- The higher your bitrate, the less video you can get on one DVD.
- The lower the bitrate, the less quality your end product has.
- 8000 has worked for me; however, people are reporting good results with 5000 to 6000 as well.
- Video source type (stream type) - "Interlaced" (as always)
- Field Order - "Bottom Field First (Field B)" -- VERY IMPORTANT: If you select 'Field A' you will have jerky video when you play it on your set-top box.
- Source Aspect Ratio - "4:3 525 Line NTSC"
- Video Arrange Method - "Center (Keep Aspect Ratio)" There are several different options here. Center seems to make the most sense.
|These are the default settings
|These are the default setings. Note: Do not make the mistake of using CD audio's 44.1kHz band in DVD.
|Select "MPEG standard" in the drop-down menu items.
- In "Video Source", select "Browse"
- Select the C:part0.avs file
- Name the output file.
- Select Start
Wait a very long time!! These settings are the highest quality, longest encode time so stand by to do nothing for a while. Remember this is a FREE program, but the quality will be worth the wait. It takes me about 23 minutes for every minute encoded running on a 1gHz Athlon. (There are faster commercial packages available and if your goal is to create projects commercially, you will want to consider purchasing one of them.)
Here are some comparisons between the original avi and the encoded mpg. Click on any of the pictures to see the full size images....
Important Audio Information to Consider...
One of the things that a lot of people overlook is the audio. Audio has always been a very important part of what we do; now we have the ability to output audio in Dolby Digital. DVDit PE offers 2.0 Dolby Digital.
One big mistake in DVD authoring is using the audio embedded in the MPG file that was just created. The audio embedded in the MPG file is a compressed mp2 format (similar to mp3s). The problem is that DVD players don't use mp2 files, DVD players use either PCM or AC-3 files. PCM files are basically WAV files for DVD's and AC-3 is the Dolby Digital standard. If you use DVDit, the program will demux the MPG stream into two streams (mpeg and mp2), then encode the mp2 into either PCM or AC-3.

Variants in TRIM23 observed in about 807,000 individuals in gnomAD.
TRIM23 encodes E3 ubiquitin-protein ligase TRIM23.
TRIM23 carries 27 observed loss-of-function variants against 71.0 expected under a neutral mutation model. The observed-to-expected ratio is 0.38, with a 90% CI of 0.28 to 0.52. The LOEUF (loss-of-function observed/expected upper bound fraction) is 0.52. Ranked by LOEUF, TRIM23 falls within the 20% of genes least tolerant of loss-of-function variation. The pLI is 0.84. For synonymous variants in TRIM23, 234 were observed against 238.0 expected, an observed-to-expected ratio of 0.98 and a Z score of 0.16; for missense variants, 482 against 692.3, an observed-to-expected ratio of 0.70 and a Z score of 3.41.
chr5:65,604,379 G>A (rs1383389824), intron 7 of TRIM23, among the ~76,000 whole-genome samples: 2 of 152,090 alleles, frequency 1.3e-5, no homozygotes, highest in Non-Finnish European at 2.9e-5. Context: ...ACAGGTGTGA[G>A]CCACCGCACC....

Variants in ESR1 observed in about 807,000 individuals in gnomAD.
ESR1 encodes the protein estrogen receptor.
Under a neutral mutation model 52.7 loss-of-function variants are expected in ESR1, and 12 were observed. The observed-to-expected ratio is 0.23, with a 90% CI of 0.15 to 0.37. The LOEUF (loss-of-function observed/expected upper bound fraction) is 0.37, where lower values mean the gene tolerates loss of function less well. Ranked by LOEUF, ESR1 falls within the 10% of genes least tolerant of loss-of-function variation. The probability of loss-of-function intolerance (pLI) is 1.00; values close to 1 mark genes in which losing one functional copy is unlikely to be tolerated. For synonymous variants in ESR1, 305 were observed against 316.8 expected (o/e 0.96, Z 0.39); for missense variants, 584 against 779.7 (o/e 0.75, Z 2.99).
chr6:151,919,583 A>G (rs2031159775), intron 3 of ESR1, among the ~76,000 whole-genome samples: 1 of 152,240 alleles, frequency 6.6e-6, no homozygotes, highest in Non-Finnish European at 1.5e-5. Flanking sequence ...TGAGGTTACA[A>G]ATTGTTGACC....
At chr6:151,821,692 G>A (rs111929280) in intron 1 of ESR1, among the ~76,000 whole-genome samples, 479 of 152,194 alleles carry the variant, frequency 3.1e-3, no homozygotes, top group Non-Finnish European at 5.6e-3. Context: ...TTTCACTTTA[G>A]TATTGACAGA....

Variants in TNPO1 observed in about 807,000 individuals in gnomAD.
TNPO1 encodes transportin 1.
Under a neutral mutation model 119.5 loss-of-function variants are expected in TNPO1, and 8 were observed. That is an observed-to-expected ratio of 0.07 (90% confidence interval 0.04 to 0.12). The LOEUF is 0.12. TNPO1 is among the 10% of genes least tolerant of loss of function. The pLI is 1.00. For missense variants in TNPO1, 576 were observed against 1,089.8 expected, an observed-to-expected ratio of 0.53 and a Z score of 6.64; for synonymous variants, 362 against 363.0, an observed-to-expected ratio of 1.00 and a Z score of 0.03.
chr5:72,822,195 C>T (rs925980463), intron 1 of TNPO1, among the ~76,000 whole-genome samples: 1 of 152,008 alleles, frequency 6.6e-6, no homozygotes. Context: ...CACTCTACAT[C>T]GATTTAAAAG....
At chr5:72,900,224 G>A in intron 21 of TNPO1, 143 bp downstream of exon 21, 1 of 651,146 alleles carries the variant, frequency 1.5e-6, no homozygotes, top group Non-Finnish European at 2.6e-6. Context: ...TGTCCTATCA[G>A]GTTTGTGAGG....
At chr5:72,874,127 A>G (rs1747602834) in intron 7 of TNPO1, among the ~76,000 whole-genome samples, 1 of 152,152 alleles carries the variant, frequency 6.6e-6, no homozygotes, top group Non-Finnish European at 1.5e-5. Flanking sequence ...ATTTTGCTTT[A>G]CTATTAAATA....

The problem with this is that the mp2 file is already compressed once from the original wav file, so you are compressing the audio twice which degrades the sound significantly. DVDit allows you to use a WAV file in the authoring process and discard the mp2 file. This allows you to keep very high audio qualities.
To export the audio, ensure the work area bar is over the exact segment of video that you just encoded.
- Select FILE, EXPORT, AUDIO, SETTINGS.
- Select 'Windows Waveform'.
- Select '48 kHz' (this is the DVD standard).
- Select OK and name the file.
Authoring in DVDit...
An observation about the Sonic line, MyDVD, DVDit SE and DVDit PE are all very similar programs. So far I've only found a few differences between the three. MyDVD doesn't give you control of end action, or menu key selection, no audio in the menus, and PCM audio encoding only. DVDit SE gives you everything but AC-3 encoding and DVDit PE gives you AC-3 plus build to Tape (useless for us). A note on AC-3. My first project was about 90 minutes long encoded at 8000 with PCM audio, the total project size was 4.28 GB, I took the same files but encoded with AC-3 and the file size dropped 600 MB!!! plus I got AC-3. So it's worth the upgrade just for that, it'll give you a lot more video on the disk.
This article is a work in progress and I want your input, what do you do differently? Did this work for you? Do you find a better way to do one of the steps involved? I hope you'll take a minute to write me with you comments. Please email me.
-- Dan Gordon
Want to know more about DVD? Visit Creative Cow's DVD Authoring forum cowmunity